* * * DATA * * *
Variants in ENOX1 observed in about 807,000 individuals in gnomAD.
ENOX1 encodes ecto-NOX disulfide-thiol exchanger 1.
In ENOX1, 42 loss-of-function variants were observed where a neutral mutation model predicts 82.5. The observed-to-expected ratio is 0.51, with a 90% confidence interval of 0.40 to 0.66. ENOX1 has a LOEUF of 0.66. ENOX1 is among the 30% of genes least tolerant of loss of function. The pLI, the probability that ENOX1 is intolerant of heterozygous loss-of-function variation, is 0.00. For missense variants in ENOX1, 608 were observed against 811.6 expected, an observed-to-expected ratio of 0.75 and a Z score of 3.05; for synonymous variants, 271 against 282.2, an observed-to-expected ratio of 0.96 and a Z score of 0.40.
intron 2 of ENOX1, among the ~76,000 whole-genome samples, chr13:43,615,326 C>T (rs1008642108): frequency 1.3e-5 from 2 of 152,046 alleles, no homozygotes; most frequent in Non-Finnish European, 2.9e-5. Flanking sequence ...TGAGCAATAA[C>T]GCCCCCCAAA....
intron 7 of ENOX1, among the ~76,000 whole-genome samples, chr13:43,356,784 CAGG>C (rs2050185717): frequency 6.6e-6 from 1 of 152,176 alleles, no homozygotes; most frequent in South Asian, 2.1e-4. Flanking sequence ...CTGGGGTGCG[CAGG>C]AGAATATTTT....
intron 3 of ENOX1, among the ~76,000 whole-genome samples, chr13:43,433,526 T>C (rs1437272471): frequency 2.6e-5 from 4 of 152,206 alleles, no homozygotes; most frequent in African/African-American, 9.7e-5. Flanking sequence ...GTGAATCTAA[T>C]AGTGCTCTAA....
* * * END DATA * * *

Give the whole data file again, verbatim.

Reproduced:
Variants in ENOX1 observed in about 807,000 individuals in gnomAD.
ENOX1 encodes ecto-NOX disulfide-thiol exchanger 1.
In ENOX1, 42 loss-of-function variants were observed where a neutral mutation model predicts 82.5. The observed-to-expected ratio is 0.51, with a 90% confidence interval of 0.40 to 0.66. ENOX1 has a LOEUF of 0.66. ENOX1 is among the 30% of genes least tolerant of loss of function. The pLI, the probability that ENOX1 is intolerant of heterozygous loss-of-function variation, is 0.00. For missense variants in ENOX1, 608 were observed against 811.6 expected, an observed-to-expected ratio of 0.75 and a Z score of 3.05; for synonymous variants, 271 against 282.2, an observed-to-expected ratio of 0.96 and a Z score of 0.40.
intron 2 of ENOX1, among the ~76,000 whole-genome samples, chr13:43,615,326 C>T (rs1008642108): frequency 1.3e-5 from 2 of 152,046 alleles, no homozygotes; most frequent in Non-Finnish European, 2.9e-5. Flanking sequence ...TGAGCAATAA[C>T]GCCCCCCAAA....
intron 7 of ENOX1, among the ~76,000 whole-genome samples, chr13:43,356,784 CAGG>C (rs2050185717): frequency 6.6e-6 from 1 of 152,176 alleles, no homozygotes; most frequent in South Asian, 2.1e-4. Flanking sequence ...CTGGGGTGCG[CAGG>C]AGAATATTTT....
intron 3 of ENOX1, among the ~76,000 whole-genome samples, chr13:43,433,526 T>C (rs1437272471): frequency 2.6e-5 from 4 of 152,206 alleles, no homozygotes; most frequent in African/African-American, 9.7e-5. Flanking sequence ...GTGAATCTAA[T>C]AGTGCTCTAA....